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Environmental Surcharges: A Sure Thing?

10.31.2012

This article was originally published in the Oct. 2012 issue of Carolina Clean.

From time to time, dry cleaners and other businesses, aware that prices the of the goods and services they sell are increased by the costs of environmental compliance, ask me whether this increased overhead can be passed on directly to their customers in the form of "environmental surcharges." Let me try to answer that question in this short article.

Some electric utilities are allowed by State statue to impose an environmental surcharge upon ratepayers for the cost of complying with the Clean Air Act, which can be staggering. Generally, this is a cost-recovery mechanism for the retrofitting of infrastructure or the large-scale purchase of new control technology.

In addition, the State of North Carolina imposes a surcharge on the sale of "white goods," by which is meant appliances such as refrigerators, freezers, washers, dryers, dishwashers, and stoves. White goods are not allowed to be disposed of in North Carolina landfills. When these appliances are replaced by the consumer, the retail seller of the replacement appliance is allowed to charge the consumer a surcharge to compensate the seller for the cost of recycling the old appliance.

The practice has percolated down to smaller companies with smaller, more frequent environmental expenses. For example, many States specifically allow sellers of automobile and truck tires to charge their buyers a surcharge for the disposal of used tires, which either cannot be disposed of in landfills or which must be treated in some way before disposal. In North Carolina, whole tires have been banned from landfill disposal since 1990, and tire retailers collect a special sales tax - 2% in most instances, and you could call it an environmental surcharge - that is later distributed by the State to the counties to help finance their scrap tire disposal programs.

As a NCALC member, you are certainly aware that North Carolina imposes, similarly to retail tire sales, a special tax on dry-cleaning services and on the sale of certain solvents. Since these taxes constitute, in practical effect, the State's environmental surcharge on dry-cleaning, and because they are not generally called by that label, the question becomes whether the individual dry-cleaner may add to the customer's bill a separate line item to compensate the dry-cleaner for its expenses in the lawful disposal of spent solvent and related costs of environmental compliance.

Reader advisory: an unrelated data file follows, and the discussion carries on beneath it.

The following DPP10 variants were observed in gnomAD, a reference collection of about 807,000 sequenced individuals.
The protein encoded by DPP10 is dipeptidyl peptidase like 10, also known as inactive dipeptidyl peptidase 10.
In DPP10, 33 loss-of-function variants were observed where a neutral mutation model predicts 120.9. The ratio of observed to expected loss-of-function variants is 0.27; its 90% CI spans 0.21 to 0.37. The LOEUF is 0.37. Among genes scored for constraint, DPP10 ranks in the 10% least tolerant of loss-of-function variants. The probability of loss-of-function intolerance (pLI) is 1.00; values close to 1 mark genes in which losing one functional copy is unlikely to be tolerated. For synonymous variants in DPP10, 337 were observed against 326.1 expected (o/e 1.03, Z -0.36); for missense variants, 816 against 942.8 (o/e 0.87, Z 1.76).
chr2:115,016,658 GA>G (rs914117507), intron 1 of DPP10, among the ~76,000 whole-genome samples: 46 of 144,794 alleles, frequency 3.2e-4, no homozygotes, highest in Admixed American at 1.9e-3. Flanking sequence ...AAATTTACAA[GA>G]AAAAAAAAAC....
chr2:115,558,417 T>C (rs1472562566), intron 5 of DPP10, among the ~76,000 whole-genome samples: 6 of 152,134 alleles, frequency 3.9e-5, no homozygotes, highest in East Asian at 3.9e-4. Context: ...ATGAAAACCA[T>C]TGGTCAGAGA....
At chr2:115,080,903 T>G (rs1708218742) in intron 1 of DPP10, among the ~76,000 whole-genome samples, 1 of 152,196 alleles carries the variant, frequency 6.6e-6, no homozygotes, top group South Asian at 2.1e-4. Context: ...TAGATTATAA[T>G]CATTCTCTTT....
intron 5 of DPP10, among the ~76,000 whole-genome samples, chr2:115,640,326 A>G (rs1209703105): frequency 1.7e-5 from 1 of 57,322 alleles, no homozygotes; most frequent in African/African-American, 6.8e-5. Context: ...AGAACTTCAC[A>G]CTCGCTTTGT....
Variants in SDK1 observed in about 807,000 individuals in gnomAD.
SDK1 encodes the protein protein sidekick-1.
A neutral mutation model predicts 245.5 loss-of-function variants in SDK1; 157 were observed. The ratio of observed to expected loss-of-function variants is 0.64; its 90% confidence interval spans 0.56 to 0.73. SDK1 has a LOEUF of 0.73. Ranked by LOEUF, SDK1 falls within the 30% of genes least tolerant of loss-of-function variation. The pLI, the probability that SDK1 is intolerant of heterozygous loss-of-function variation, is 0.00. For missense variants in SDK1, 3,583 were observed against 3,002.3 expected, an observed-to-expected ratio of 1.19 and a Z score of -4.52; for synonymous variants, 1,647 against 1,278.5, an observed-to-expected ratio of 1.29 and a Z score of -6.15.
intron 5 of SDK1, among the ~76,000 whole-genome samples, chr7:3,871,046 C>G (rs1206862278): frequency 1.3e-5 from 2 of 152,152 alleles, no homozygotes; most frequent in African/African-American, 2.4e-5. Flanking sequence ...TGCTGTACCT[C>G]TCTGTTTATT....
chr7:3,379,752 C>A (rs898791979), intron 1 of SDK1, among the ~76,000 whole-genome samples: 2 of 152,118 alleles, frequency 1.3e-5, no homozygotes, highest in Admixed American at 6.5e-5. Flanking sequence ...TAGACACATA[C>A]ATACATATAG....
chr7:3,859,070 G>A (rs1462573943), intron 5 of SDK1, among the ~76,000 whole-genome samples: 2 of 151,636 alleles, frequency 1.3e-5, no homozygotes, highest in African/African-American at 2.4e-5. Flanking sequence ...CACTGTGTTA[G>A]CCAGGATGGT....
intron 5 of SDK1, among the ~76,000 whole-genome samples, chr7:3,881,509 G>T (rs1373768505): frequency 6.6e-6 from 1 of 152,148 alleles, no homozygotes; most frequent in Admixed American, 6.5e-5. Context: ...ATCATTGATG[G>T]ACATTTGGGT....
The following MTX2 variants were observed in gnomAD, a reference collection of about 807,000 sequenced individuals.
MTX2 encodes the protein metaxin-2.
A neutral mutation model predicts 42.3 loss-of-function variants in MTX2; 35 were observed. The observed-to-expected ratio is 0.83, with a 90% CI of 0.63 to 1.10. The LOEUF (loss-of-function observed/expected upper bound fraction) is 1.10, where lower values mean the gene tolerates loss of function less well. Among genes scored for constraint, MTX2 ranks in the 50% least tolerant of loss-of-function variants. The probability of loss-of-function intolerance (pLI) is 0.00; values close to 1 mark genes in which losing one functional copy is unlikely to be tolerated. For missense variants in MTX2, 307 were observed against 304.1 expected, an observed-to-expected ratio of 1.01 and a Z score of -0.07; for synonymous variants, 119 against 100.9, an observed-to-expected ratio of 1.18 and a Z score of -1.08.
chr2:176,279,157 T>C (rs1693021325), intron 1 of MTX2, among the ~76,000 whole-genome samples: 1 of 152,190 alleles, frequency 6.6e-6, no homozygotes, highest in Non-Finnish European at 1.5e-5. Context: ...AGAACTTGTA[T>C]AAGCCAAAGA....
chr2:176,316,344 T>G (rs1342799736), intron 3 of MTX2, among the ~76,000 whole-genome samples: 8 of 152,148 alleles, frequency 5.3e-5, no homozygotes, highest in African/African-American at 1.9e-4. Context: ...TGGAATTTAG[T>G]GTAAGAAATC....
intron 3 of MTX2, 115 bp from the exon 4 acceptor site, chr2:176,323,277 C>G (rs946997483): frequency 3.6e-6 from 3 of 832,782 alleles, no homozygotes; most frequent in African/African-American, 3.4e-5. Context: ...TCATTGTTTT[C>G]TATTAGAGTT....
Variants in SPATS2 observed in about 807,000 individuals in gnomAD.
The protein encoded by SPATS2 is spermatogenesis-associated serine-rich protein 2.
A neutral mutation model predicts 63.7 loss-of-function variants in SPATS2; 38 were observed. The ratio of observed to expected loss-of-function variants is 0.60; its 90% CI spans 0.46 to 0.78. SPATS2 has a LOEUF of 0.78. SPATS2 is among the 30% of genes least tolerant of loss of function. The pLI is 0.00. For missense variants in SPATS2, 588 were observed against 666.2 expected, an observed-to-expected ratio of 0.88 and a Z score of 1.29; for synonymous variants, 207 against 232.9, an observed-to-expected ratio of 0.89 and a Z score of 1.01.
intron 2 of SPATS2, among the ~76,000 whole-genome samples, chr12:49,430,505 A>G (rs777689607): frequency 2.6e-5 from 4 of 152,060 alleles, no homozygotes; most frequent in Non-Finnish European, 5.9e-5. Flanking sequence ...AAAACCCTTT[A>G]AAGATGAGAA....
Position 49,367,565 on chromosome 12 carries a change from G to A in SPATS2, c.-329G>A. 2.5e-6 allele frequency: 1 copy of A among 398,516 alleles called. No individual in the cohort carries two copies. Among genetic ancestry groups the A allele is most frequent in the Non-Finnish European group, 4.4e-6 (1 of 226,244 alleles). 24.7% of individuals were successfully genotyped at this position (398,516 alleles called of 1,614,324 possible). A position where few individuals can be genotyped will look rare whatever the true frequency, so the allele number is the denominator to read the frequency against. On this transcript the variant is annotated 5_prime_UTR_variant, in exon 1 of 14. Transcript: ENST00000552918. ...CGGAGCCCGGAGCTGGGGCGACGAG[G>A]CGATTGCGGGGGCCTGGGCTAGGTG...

Reportedly, many dry-cleaners do. A Colorado dry-cleaner advises its customers:

You may have noticed that an "Environmental Fee" is assessed to our dry-cleaning services. The Environmental Fee is intended to cover the increasing cost faced by our company in complying with Federal, State and local regulations involving the storage, transportation and disposal of regulated materials used in the cleaning of your garments. This amount is an estimate of the compliance cost, which may vary by service, geographic area and time. This charge is not a Federal, State or local tax and is not required by any governmental authority.

And in 2011, the comptroller for the State of Texas opined:

In 2003, the Texas Legislature established the Dry Cleaner Remediation Program. The program, administered by the Texas Commission on Environmental Quality, establishes registration requirements, fees and performance standards for dry cleaning facilities and distributors. Some dry cleaners have chosen to pass along the costs of this program to their customers in the form of higher rates for services while others have decided to separately state a line item charge on the invoice or receipt given to their customers for 'Environmental Fees' or something similar.